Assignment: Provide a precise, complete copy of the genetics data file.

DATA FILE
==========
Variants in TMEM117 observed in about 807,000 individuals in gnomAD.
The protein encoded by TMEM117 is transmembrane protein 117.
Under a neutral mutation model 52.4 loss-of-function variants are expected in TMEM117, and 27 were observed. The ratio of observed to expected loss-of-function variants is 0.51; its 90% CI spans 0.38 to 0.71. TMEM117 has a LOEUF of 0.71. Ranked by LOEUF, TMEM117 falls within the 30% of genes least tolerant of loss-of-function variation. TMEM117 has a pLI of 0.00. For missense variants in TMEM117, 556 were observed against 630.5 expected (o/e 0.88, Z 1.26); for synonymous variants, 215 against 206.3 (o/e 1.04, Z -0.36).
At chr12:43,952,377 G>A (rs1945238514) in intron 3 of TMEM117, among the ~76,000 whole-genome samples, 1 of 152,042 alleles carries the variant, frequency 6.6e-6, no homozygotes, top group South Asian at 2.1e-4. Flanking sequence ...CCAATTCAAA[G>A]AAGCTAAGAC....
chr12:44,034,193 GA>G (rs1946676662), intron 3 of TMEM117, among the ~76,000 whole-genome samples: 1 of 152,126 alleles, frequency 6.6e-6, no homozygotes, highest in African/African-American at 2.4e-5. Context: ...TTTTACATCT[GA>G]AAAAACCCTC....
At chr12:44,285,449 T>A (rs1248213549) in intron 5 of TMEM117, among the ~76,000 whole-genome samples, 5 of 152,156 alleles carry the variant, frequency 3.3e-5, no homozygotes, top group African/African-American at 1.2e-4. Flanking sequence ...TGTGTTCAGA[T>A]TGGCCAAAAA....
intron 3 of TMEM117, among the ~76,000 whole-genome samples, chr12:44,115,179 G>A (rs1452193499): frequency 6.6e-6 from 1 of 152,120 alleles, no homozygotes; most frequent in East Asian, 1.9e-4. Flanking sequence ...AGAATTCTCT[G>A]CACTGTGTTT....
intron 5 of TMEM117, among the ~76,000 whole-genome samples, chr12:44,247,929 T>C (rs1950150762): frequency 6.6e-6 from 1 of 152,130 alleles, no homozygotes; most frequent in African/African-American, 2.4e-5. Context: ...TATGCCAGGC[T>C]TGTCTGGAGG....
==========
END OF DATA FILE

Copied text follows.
Variants in TMEM117 observed in about 807,000 individuals in gnomAD.
The protein encoded by TMEM117 is transmembrane protein 117.
Under a neutral mutation model 52.4 loss-of-function variants are expected in TMEM117, and 27 were observed. The ratio of observed to expected loss-of-function variants is 0.51; its 90% CI spans 0.38 to 0.71. TMEM117 has a LOEUF of 0.71. Ranked by LOEUF, TMEM117 falls within the 30% of genes least tolerant of loss-of-function variation. TMEM117 has a pLI of 0.00. For missense variants in TMEM117, 556 were observed against 630.5 expected (o/e 0.88, Z 1.26); for synonymous variants, 215 against 206.3 (o/e 1.04, Z -0.36).
At chr12:43,952,377 G>A (rs1945238514) in intron 3 of TMEM117, among the ~76,000 whole-genome samples, 1 of 152,042 alleles carries the variant, frequency 6.6e-6, no homozygotes, top group South Asian at 2.1e-4. Flanking sequence ...CCAATTCAAA[G>A]AAGCTAAGAC....
chr12:44,034,193 GA>G (rs1946676662), intron 3 of TMEM117, among the ~76,000 whole-genome samples: 1 of 152,126 alleles, frequency 6.6e-6, no homozygotes, highest in African/African-American at 2.4e-5. Context: ...TTTTACATCT[GA>G]AAAAACCCTC....
At chr12:44,285,449 T>A (rs1248213549) in intron 5 of TMEM117, among the ~76,000 whole-genome samples, 5 of 152,156 alleles carry the variant, frequency 3.3e-5, no homozygotes, top group African/African-American at 1.2e-4. Flanking sequence ...TGTGTTCAGA[T>A]TGGCCAAAAA....
intron 3 of TMEM117, among the ~76,000 whole-genome samples, chr12:44,115,179 G>A (rs1452193499): frequency 6.6e-6 from 1 of 152,120 alleles, no homozygotes; most frequent in East Asian, 1.9e-4. Flanking sequence ...AGAATTCTCT[G>A]CACTGTGTTT....
intron 5 of TMEM117, among the ~76,000 whole-genome samples, chr12:44,247,929 T>C (rs1950150762): frequency 6.6e-6 from 1 of 152,130 alleles, no homozygotes; most frequent in African/African-American, 2.4e-5. Context: ...TATGCCAGGC[T>C]TGTCTGGAGG....